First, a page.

Our temporary premises - next to the station and also showing new acquisitions - became the hub of our widely spread activities.The c/o project saw us visiting other museums, galleries, municipalities and other institutions with events and exhibitions.We made our dependence on the world around us very evident by having to rely on the goodwill of others.They not only gave us space but also curated exhibitions of our works. In this way we were enabled to see ourselves with new eyes; a very valuable experience which we are still benefiting from. During the first year of exile in 2002 we were principally active in the Stockholm area with major video shows in public places, site-specific works in new areas or, as here (see picture): Henrik H_kansson produced an exhibition for the House of the Nobility which then became more accessible to the public.
During 2003 we expanded our activities to cover the whole of Sweden - from Ume_ in the north to Malmouml; in the extreme south.With Riksutstauml;llningar we converted a bus into a travelling exhibition featuring the American artist Andrea Zittel and in this way we reached a public the museum seldom comes into contact with otherwise: younger teenagers.
Following the period of exile we have opened our doors again in the renovated museum. It is not only the climate that has been improved but the premises have been made more welcoming with an approach on our side that has developed from our experience of the c/o project. We know that the building is not the same thing as the activities that go on inside it and we are continuing, on a lesser scale,with our c/o project.
Admission is now free making the collections accessible to all.There are museum "guides" whose job is to welcome visitors and help them to get the most out of their visit.While there has traditionally been an activity room for small children there is now a special room for teenagers'' artistic activities as well. There are major, carefully planned exhibitions as formerly but we also have a new series based on our "odd weeks" experience:we open a new project on the first of each month, free to all.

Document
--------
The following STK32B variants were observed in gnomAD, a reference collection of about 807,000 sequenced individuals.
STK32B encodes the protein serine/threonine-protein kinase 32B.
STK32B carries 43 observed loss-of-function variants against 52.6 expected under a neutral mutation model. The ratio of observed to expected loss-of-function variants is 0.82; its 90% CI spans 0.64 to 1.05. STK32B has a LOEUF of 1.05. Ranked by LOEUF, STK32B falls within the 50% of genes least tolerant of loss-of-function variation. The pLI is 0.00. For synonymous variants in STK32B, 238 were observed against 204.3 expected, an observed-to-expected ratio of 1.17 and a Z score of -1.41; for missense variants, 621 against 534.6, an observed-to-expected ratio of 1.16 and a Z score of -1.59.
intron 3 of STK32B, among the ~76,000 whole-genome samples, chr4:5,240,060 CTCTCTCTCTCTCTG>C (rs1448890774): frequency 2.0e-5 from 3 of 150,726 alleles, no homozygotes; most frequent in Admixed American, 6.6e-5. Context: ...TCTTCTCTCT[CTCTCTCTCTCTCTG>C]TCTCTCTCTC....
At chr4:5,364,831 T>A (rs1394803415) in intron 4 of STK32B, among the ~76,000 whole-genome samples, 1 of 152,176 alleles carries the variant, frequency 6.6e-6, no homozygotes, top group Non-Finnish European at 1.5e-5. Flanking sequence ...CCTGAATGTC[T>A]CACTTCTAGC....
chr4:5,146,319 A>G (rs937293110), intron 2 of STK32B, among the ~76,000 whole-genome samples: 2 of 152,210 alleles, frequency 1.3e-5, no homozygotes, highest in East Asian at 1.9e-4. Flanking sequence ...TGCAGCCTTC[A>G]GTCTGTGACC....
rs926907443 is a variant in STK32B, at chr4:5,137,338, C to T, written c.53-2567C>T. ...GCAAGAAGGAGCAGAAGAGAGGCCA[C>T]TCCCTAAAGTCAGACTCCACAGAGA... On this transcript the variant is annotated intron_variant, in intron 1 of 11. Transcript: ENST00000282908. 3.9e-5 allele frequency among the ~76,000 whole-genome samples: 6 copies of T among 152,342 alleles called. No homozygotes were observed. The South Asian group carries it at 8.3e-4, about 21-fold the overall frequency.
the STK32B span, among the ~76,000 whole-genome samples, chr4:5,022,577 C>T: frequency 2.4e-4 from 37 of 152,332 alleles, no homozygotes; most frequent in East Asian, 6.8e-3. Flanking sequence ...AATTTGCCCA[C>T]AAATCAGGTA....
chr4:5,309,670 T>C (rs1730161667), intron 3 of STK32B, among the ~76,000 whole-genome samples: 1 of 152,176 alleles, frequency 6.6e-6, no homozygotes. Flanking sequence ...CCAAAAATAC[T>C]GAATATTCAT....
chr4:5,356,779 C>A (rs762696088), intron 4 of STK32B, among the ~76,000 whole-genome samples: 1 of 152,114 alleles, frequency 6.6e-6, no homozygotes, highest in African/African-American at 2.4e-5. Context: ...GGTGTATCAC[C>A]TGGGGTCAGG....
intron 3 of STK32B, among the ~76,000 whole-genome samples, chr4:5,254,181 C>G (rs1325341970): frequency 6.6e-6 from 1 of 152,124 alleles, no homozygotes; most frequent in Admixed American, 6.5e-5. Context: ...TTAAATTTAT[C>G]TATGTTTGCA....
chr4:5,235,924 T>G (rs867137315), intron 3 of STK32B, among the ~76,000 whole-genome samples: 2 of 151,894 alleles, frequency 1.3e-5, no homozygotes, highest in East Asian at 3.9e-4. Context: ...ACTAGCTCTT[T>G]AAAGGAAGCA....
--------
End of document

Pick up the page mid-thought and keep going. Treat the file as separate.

Our vision clarified during our exile.A modern museum is, fundamentally, a paradox. It is both history and collections as well as "now" and contemporary experiments. A museum is a meeting place, a meeting of the work of art, the artist and the beholder. A modern art museum is constantly getting to grips with the widening field of art - both the expanding concept of art and a wider world in which Western criteria no longer reign unchallenged.
What difficulties did we meet? Was anything easy? How would we do things next time? These are some of the questions raised by Best Heritage for comment at the conference in Dubrovnik. I would claim that the easy things and the difficult ones go hand in hand. The important thing is to have a policy and a terminology that are well defined and transparent.Words are important. For us the concept of c/o was decisive.We sincerely hope that there will not be a next time for Moderna Museet. In spite of everything, the museum building is the best tool we have. If I were to dare to give advise to someone faced with a similar situation I would say: don''t just do what you have always done but on a smaller scale. Think and rethink and act at the same time - for the unique opportunity will give you valuable experience for the future.